She has a glorious voice and the perfect look as she points to the person soloing and adds her voice in duets. As a soloist she is mighty fine, also. Her main gift that she shares, though, is her dexterity on the keyboard. She works effortlessly and always stays with the soloist or group singing. She is the consummate musician and makes everything she does look easy.

Shawn Brekke is the trumpet player in the Jasper Band and has that mellow, laid back sound reminiscent of Al Hirt and the now popular Chris Botti. His solos are fresh and see-sawie, if that is an actual term. To me, it is the best way to describe a trumpet player who knows how to pull back the sound while delivering a crisp line.

The rest of the band is made up of musicians equally as good as the Johnson family. Jim Knudson leans over his drums with an almost indifferent pose. But his ability to keep the beat going is right on. Everyone knows the constancy of a band depends on the drummer and his or her inner beat that keeps the music moving. Knudson does just that. He shares his spot with Travis Guida, Daniel Brekke and sweet Kristina Guida. But there is no doubt he is calling the shots and the band plays well because of his attention to detail.

Biff Karch on the bass is delightful to watch. His curly hair matches his bouncy personality and he twists that bass to his demands. He has a clear and precise baritone voice, which he willingly shares with the audience. Watch him closely in "Zoot Suit Riot." Don't nod off for even a second or you will miss how well he depicts the 1940s music. He is so fine!

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Jacki Karch, who manages the concession area, steps in at the keyboard when Kathie is away from it and does really well. She keeps the band moving and never misses a beat.

Harley Sommerfield comes into the band carrying his flute, clarinet and sax. My word. Let's see. Which one does he play the best? Ya got me.

Pay attention to him and note when he plays the flute as a background instrument when you least expect it. Oh, yes, he sings the tenor part in a quartet with a bit of help from the others. Stay tuned to that for some great harmony mixed with high jinks.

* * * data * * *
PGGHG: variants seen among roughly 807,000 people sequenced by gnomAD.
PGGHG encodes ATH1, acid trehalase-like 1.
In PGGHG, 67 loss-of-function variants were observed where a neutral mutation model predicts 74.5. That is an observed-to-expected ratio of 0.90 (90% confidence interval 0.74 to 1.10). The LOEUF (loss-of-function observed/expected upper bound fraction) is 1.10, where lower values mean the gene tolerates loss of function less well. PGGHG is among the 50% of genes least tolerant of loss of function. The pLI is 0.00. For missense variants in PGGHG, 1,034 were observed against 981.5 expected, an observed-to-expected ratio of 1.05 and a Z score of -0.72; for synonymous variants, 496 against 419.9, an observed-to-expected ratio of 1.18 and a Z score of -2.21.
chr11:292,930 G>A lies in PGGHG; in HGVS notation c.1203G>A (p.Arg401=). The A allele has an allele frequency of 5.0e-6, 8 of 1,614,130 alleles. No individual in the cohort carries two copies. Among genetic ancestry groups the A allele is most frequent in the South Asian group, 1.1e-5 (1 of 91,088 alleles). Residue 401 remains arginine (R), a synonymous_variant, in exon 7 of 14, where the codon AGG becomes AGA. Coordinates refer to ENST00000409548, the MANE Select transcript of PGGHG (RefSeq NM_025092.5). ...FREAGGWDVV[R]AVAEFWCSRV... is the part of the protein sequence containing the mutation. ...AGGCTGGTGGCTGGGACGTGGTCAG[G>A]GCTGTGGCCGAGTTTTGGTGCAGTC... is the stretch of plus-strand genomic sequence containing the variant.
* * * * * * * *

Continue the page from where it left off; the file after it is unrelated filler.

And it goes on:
And now, friends, Jeff Menten. What should I say about such a master fiddler? I really find my vocabulary quite limited in describing his virtuosity. Just wait until you hear him in "Orange Blossom Special." Both he and Daniel Brekke brought the house down.

Jeff is well known around Park Rapids for his prowess as a stringed instrument instructor. He has played for the Classic Chorale when I have sung in it and his sound is always so rich. Could he bring that same sound to Great American Songbook, to gospel, to country, to the songs through the years? Yes, he could and did.

Likewise, I saw no blips on the part of Tim Ellingson as sound technician and Bryce Klasen as the lighting technician. Here, there and everywhere. They were on top of all the moves and mike amplifications. I saw them after the show for just a moment and they are young. Just as well...it means their reflexes are quick.

The whole show is spectacular and I recommend in this day of high gas prices that you travel just a short ways to a reasonably priced matinee on a Thursday or a Saturday evening show for an experience that will give you a natural high. Everything is of the highest quality.

That all said, I want to expound on two parts of the show I found quite rewarding. At the end, the entire company saluted the branches of the armed forces, which brought tears to my eyes. Regardless of how you feel about the Iraqi war, we all have much respect and concern for our men and women who serve our country.

The second event could go unnoticed if you don't pay attention. Auntie Kreamsaugen arrives onstage at the end in a bright blue sweater and white pants for the patriotic salute. Prior to that, she was dressed in a rather frumpy outfit and acted like a bumpkin, quite well, I might add. When she was on stage for the final number, we saw her as the beautiful woman she really is and that was so sweet. Stay awake for that or you will miss her as she really is.

The show continues to run through Aug. 23 with matinees at 3 p.m. Thursdays and Saturday evenings at 7:30. Two additional matinees will be available Friday, Aug. 15 and Friday, Aug. 22. You can call 218-237-4333 for reservations.

You will "leave with a smile on your face and a song in your heart."

Rita Dalzell is a retired English and vocal music teacher, who also played the saxophone, enjoys being at the keyboard to accompany musicians and has directed musicals and school orchestra rehearsals.